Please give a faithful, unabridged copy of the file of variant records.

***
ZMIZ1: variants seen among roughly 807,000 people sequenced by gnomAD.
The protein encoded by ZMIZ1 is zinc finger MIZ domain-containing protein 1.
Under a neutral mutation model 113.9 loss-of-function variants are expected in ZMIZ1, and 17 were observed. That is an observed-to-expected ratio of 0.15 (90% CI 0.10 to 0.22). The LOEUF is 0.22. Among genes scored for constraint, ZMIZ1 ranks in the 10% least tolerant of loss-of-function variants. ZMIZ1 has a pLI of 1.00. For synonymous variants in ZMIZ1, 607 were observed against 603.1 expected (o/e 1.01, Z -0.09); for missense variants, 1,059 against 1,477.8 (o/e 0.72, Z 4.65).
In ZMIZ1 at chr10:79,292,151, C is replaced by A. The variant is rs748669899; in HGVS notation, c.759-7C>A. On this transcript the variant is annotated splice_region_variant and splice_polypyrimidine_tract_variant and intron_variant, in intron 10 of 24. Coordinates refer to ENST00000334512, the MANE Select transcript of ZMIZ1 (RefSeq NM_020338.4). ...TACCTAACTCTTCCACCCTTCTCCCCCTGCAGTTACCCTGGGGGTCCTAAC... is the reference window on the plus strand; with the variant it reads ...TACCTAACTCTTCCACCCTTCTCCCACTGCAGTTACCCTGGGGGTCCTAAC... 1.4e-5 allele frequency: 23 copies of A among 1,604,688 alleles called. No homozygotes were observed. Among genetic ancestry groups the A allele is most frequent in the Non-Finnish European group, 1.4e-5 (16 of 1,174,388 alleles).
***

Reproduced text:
ZMIZ1: variants seen among roughly 807,000 people sequenced by gnomAD.
The protein encoded by ZMIZ1 is zinc finger MIZ domain-containing protein 1.
Under a neutral mutation model 113.9 loss-of-function variants are expected in ZMIZ1, and 17 were observed. That is an observed-to-expected ratio of 0.15 (90% CI 0.10 to 0.22). The LOEUF is 0.22. Among genes scored for constraint, ZMIZ1 ranks in the 10% least tolerant of loss-of-function variants. ZMIZ1 has a pLI of 1.00. For synonymous variants in ZMIZ1, 607 were observed against 603.1 expected (o/e 1.01, Z -0.09); for missense variants, 1,059 against 1,477.8 (o/e 0.72, Z 4.65).
In ZMIZ1 at chr10:79,292,151, C is replaced by A. The variant is rs748669899; in HGVS notation, c.759-7C>A. On this transcript the variant is annotated splice_region_variant and splice_polypyrimidine_tract_variant and intron_variant, in intron 10 of 24. Coordinates refer to ENST00000334512, the MANE Select transcript of ZMIZ1 (RefSeq NM_020338.4). ...TACCTAACTCTTCCACCCTTCTCCCCCTGCAGTTACCCTGGGGGTCCTAAC... is the reference window on the plus strand; with the variant it reads ...TACCTAACTCTTCCACCCTTCTCCCACTGCAGTTACCCTGGGGGTCCTAAC... 1.4e-5 allele frequency: 23 copies of A among 1,604,688 alleles called. No homozygotes were observed. Among genetic ancestry groups the A allele is most frequent in the Non-Finnish European group, 1.4e-5 (16 of 1,174,388 alleles).